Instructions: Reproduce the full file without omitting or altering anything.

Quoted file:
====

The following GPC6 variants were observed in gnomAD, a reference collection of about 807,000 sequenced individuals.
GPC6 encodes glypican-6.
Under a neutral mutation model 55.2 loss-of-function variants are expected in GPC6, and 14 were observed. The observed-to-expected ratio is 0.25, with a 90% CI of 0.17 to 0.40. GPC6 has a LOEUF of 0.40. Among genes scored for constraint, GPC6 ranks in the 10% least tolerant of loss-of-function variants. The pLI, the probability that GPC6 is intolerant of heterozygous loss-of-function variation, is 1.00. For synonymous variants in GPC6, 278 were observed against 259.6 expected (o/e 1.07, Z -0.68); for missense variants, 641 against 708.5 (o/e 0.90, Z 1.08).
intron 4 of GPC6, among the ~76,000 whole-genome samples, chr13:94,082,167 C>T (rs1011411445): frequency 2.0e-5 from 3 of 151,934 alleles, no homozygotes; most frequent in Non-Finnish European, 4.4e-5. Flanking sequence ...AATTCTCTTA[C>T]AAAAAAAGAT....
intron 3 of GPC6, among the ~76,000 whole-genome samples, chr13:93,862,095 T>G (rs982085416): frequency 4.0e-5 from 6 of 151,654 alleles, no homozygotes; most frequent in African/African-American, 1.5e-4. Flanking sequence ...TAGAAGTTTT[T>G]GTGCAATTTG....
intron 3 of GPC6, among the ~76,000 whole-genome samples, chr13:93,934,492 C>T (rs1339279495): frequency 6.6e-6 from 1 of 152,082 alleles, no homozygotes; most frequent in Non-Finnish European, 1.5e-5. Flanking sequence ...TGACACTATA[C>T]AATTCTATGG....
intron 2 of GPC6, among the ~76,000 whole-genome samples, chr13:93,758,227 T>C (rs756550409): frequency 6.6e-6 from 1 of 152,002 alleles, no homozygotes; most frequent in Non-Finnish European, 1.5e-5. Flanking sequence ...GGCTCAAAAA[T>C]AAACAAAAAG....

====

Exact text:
The following GPC6 variants were observed in gnomAD, a reference collection of about 807,000 sequenced individuals.
GPC6 encodes glypican-6.
Under a neutral mutation model 55.2 loss-of-function variants are expected in GPC6, and 14 were observed. The observed-to-expected ratio is 0.25, with a 90% CI of 0.17 to 0.40. GPC6 has a LOEUF of 0.40. Among genes scored for constraint, GPC6 ranks in the 10% least tolerant of loss-of-function variants. The pLI, the probability that GPC6 is intolerant of heterozygous loss-of-function variation, is 1.00. For synonymous variants in GPC6, 278 were observed against 259.6 expected (o/e 1.07, Z -0.68); for missense variants, 641 against 708.5 (o/e 0.90, Z 1.08).
intron 4 of GPC6, among the ~76,000 whole-genome samples, chr13:94,082,167 C>T (rs1011411445): frequency 2.0e-5 from 3 of 151,934 alleles, no homozygotes; most frequent in Non-Finnish European, 4.4e-5. Flanking sequence ...AATTCTCTTA[C>T]AAAAAAAGAT....
intron 3 of GPC6, among the ~76,000 whole-genome samples, chr13:93,862,095 T>G (rs982085416): frequency 4.0e-5 from 6 of 151,654 alleles, no homozygotes; most frequent in African/African-American, 1.5e-4. Flanking sequence ...TAGAAGTTTT[T>G]GTGCAATTTG....
intron 3 of GPC6, among the ~76,000 whole-genome samples, chr13:93,934,492 C>T (rs1339279495): frequency 6.6e-6 from 1 of 152,082 alleles, no homozygotes; most frequent in Non-Finnish European, 1.5e-5. Flanking sequence ...TGACACTATA[C>T]AATTCTATGG....
intron 2 of GPC6, among the ~76,000 whole-genome samples, chr13:93,758,227 T>C (rs756550409): frequency 6.6e-6 from 1 of 152,002 alleles, no homozygotes; most frequent in Non-Finnish European, 1.5e-5. Flanking sequence ...GGCTCAAAAA[T>C]AAACAAAAAG....